the temperature of a pure element or compound at a critical point.
Lexical Investigations: Critical Thinking
Though the phrase critical thinking wasn’t coined until the early twentieth century, its principles can be traced back to Aristotle. The educator and psychologist John Dewey first used the phrase in its modern sense in his 1910 book How We Think, though there are instances of the words appearing together in texts before this time. Dewey defined critical thinking as “reflective thought,” requiring healthy skepticism, …
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Compare critical constant.
Origin of critical temperature
First recorded in 1865–70
Dictionary.com Unabridged Based on the Random House Unabridged Dictionary, © Random House, Inc. 2019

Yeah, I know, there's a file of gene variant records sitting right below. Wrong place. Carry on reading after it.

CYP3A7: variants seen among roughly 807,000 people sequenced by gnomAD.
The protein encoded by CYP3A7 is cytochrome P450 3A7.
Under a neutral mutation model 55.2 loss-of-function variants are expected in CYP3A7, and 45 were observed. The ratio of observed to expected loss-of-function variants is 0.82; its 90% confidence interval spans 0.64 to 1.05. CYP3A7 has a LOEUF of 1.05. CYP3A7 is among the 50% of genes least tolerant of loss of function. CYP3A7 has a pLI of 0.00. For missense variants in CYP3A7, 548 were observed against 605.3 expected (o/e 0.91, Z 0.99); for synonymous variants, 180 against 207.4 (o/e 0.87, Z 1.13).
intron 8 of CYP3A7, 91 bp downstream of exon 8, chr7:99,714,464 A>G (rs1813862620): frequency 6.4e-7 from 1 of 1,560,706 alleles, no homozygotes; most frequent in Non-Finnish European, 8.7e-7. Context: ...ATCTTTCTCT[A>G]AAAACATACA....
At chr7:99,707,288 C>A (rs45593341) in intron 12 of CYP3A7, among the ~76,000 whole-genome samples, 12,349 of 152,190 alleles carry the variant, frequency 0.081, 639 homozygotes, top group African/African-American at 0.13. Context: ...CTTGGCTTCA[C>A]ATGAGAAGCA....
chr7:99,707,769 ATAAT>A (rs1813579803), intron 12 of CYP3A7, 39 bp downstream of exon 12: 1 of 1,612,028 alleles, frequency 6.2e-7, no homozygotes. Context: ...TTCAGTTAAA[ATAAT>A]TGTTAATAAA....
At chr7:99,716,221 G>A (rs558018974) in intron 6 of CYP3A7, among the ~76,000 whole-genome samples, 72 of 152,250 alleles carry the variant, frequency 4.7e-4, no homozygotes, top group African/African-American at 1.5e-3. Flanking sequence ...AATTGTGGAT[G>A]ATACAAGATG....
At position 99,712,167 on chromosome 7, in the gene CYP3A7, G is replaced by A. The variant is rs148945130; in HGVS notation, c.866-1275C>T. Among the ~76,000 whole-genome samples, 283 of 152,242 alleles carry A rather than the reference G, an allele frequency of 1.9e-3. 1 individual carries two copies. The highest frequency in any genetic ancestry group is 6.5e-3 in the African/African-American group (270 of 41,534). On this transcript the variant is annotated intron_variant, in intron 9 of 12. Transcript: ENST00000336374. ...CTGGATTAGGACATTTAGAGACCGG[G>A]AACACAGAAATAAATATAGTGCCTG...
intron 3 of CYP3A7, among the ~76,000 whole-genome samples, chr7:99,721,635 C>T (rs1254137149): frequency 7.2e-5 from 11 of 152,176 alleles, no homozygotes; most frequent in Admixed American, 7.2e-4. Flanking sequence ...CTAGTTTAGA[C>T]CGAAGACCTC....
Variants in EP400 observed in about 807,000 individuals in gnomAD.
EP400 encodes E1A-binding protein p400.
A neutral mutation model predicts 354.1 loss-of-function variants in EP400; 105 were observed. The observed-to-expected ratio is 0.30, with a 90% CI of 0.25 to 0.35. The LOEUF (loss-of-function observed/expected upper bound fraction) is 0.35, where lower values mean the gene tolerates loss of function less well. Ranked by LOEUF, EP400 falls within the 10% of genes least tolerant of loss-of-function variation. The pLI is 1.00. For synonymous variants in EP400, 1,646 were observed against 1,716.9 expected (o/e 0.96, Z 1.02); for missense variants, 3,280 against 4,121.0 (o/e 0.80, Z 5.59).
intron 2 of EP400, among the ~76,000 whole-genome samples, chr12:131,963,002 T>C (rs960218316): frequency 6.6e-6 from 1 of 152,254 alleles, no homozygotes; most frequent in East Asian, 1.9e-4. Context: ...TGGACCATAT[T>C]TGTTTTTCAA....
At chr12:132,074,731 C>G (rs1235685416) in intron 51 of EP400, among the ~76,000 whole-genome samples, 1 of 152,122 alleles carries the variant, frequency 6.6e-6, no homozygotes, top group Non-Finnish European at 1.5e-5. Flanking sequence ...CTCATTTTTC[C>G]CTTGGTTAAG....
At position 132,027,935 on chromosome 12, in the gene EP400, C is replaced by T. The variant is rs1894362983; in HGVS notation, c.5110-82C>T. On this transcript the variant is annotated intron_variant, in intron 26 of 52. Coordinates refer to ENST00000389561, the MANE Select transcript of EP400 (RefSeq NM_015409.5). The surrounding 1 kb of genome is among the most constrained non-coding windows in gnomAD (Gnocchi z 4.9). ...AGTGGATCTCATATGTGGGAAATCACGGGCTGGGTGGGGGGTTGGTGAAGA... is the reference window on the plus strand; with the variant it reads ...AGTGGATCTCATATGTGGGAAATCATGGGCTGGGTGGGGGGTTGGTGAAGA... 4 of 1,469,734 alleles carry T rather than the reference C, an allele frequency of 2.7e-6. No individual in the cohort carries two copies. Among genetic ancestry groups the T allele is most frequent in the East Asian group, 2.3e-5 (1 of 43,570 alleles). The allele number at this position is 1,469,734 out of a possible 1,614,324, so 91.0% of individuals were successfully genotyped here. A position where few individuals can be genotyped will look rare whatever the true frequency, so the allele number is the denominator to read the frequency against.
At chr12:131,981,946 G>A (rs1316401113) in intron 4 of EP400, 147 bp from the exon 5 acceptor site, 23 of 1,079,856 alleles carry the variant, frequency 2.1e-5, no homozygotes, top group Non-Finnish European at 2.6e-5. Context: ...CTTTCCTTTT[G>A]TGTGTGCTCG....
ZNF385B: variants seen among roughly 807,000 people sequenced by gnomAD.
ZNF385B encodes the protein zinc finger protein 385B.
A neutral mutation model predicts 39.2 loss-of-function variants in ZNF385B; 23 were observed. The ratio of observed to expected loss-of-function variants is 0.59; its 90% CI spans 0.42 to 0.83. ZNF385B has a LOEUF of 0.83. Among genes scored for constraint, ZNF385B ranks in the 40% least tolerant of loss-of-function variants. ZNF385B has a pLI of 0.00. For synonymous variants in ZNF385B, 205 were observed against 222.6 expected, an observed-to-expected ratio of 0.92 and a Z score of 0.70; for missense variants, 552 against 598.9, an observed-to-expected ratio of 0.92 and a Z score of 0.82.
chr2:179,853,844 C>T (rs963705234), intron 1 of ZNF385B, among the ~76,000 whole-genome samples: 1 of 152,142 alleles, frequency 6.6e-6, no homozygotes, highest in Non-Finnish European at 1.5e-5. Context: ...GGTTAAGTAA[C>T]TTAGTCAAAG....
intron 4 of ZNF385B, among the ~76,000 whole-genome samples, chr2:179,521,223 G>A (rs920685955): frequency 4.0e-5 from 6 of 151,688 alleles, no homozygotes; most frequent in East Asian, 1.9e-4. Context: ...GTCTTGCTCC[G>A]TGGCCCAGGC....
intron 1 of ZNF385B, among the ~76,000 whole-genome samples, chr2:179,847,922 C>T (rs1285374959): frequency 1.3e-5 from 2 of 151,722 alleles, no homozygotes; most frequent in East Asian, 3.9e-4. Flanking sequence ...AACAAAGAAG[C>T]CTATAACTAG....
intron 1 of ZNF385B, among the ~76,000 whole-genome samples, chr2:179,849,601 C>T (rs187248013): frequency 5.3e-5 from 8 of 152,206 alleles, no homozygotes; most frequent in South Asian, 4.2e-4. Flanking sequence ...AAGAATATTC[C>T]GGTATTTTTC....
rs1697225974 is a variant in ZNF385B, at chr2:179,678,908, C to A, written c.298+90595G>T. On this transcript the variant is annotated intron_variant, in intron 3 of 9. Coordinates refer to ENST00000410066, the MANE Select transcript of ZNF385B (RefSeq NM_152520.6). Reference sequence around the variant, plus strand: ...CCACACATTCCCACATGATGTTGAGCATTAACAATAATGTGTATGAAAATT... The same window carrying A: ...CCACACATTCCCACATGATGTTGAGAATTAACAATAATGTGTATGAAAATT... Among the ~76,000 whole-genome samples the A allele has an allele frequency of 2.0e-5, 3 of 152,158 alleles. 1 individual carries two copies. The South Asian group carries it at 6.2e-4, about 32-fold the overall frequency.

the temperature of a substance in its critical state. A gas can only be liquefied by pressure alone at temperatures below its critical temperature
Collins English Dictionary - Complete & Unabridged 2012 Digital Edition © William Collins Sons & Co. Ltd. 1979, 1986 © HarperCollins Publishers 1998, 2000, 2003, 2005, 2006, 2007, 2009, 2012
The temperature above which a gas cannot be liquefied, regardless of the pressure applied.
The American Heritage® Stedman's Medical Dictionary Copyright © 2002, 2001, 1995 by Houghton Mifflin Company. Published by Houghton Mifflin Company.
The temperature of a substance at its critical point.
The temperature at which a material becomes a superconductor.
The temperature at which a property of a material, such as its magnetism, changes.
The American Heritage® Science Dictionary Copyright © 2011. Published by Houghton Mifflin Harcourt Publishing Company. All rights reserved.